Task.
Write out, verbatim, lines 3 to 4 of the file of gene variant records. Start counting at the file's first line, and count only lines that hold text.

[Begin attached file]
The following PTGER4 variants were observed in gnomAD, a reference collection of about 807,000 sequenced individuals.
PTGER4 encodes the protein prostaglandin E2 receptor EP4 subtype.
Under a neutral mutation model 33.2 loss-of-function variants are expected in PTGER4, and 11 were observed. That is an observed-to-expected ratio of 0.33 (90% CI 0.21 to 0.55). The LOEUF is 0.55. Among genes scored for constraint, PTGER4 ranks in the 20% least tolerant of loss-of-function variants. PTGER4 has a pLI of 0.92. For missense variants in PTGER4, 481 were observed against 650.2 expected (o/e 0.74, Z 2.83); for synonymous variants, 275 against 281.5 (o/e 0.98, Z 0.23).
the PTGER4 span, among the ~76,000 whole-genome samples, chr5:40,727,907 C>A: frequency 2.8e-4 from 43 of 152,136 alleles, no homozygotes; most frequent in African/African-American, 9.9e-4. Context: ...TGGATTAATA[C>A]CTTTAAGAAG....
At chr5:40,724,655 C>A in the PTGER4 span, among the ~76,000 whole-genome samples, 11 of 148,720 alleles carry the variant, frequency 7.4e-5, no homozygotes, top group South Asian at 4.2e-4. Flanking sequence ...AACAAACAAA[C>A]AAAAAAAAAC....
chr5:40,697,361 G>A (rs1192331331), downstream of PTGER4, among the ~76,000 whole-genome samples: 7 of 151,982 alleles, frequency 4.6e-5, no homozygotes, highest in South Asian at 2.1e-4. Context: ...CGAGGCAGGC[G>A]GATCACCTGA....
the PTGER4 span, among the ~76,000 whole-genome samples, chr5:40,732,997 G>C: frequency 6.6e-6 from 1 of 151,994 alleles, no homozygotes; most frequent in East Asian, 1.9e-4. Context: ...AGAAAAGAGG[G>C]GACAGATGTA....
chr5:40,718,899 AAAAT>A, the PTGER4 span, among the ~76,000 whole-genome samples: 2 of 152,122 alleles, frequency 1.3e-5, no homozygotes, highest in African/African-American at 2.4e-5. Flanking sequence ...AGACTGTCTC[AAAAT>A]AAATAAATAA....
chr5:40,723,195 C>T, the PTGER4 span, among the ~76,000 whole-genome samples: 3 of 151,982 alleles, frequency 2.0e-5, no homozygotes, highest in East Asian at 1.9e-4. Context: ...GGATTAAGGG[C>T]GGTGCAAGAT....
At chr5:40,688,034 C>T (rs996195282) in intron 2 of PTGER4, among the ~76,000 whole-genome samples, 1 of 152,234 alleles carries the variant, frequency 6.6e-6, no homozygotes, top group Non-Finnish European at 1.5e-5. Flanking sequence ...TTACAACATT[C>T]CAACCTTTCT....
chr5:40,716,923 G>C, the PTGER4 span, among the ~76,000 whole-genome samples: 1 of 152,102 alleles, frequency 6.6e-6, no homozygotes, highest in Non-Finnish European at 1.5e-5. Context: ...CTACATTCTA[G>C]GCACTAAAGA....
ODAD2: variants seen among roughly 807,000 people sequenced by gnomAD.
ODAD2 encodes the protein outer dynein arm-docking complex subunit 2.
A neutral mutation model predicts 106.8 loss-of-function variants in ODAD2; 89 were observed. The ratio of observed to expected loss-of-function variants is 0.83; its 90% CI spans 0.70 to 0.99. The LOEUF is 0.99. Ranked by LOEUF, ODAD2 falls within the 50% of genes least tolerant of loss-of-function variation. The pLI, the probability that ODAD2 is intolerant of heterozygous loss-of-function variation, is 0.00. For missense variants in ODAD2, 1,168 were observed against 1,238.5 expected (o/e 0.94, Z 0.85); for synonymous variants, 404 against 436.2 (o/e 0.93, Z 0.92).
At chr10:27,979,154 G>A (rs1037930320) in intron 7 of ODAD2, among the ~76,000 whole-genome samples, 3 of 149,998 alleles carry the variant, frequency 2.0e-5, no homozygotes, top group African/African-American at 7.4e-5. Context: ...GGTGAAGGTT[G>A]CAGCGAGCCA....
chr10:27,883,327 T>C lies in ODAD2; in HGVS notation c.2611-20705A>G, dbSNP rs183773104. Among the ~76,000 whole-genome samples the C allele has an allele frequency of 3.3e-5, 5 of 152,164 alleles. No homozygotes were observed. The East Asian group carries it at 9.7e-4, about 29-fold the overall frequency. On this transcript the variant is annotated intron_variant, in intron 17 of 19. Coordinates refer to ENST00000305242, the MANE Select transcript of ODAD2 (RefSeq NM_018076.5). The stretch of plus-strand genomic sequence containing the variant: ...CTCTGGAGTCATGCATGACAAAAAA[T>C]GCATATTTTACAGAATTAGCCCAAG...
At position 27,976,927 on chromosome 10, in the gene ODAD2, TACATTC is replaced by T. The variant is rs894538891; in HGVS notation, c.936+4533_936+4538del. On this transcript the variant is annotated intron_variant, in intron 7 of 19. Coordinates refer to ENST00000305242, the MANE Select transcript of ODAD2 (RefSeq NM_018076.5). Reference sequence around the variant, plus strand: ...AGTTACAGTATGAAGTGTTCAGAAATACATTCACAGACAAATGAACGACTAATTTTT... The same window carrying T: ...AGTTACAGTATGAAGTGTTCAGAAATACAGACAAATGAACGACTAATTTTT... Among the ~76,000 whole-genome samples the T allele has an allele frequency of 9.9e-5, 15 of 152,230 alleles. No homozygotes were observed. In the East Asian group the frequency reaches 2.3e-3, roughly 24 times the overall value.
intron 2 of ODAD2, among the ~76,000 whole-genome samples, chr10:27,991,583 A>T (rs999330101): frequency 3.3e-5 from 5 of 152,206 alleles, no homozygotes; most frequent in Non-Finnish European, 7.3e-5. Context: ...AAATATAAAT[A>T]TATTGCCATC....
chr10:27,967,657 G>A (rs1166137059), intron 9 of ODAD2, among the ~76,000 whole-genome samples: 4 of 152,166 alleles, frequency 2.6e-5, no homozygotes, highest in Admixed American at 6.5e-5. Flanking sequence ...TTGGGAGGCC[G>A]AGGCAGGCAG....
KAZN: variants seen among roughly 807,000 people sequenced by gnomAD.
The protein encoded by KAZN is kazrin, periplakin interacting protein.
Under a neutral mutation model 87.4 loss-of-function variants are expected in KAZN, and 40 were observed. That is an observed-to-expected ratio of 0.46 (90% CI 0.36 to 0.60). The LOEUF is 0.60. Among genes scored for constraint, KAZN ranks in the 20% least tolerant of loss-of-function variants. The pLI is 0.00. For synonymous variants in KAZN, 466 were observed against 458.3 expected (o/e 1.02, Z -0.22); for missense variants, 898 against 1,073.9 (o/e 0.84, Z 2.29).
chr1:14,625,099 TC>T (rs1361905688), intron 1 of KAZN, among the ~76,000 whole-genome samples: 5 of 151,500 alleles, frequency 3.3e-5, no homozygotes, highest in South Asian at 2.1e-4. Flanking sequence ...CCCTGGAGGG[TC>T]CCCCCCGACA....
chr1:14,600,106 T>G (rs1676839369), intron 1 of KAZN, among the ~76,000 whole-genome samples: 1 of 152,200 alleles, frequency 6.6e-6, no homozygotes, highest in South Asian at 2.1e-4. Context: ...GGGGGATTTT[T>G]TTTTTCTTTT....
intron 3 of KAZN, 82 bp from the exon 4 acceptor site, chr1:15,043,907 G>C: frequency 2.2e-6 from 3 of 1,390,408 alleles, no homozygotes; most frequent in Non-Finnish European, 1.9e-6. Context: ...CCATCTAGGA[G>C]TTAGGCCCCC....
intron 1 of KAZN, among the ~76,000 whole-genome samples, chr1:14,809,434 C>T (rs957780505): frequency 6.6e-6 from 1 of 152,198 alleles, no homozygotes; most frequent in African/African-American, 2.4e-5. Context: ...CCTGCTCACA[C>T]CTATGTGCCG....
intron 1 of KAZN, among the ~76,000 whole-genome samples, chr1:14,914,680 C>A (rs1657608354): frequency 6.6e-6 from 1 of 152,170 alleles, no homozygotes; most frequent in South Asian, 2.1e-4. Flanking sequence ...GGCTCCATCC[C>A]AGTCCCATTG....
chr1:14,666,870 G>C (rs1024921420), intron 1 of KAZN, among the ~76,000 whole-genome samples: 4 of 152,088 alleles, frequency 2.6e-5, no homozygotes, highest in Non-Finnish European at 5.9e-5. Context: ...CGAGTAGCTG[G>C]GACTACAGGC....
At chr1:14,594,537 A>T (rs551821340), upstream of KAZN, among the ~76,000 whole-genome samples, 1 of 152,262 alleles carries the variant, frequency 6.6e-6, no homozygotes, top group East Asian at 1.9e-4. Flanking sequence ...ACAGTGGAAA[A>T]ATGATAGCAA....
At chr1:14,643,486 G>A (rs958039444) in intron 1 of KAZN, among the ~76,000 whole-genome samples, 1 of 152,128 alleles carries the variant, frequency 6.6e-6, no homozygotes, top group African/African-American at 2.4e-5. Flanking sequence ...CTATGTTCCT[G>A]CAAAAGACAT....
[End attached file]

Under a neutral mutation model 33.2 loss-of-function variants are expected in PTGER4, and 11 were observed. That is an observed-to-expected ratio of 0.33 (90% CI 0.21 to 0.55). The LOEUF is 0.55. Among genes scored for constraint, PTGER4 ranks in the 20% least tolerant of loss-of-function variants. PTGER4 has a pLI of 0.92. For missense variants in PTGER4, 481 were observed against 650.2 expected (o/e 0.74, Z 2.83); for synonymous variants, 275 against 281.5 (o/e 0.98, Z 0.23).
the PTGER4 span, among the ~76,000 whole-genome samples, chr5:40,727,907 C>A: frequency 2.8e-4 from 43 of 152,136 alleles, no homozygotes; most frequent in African/African-American, 9.9e-4. Context: ...TGGATTAATA[C>A]CTTTAAGAAG....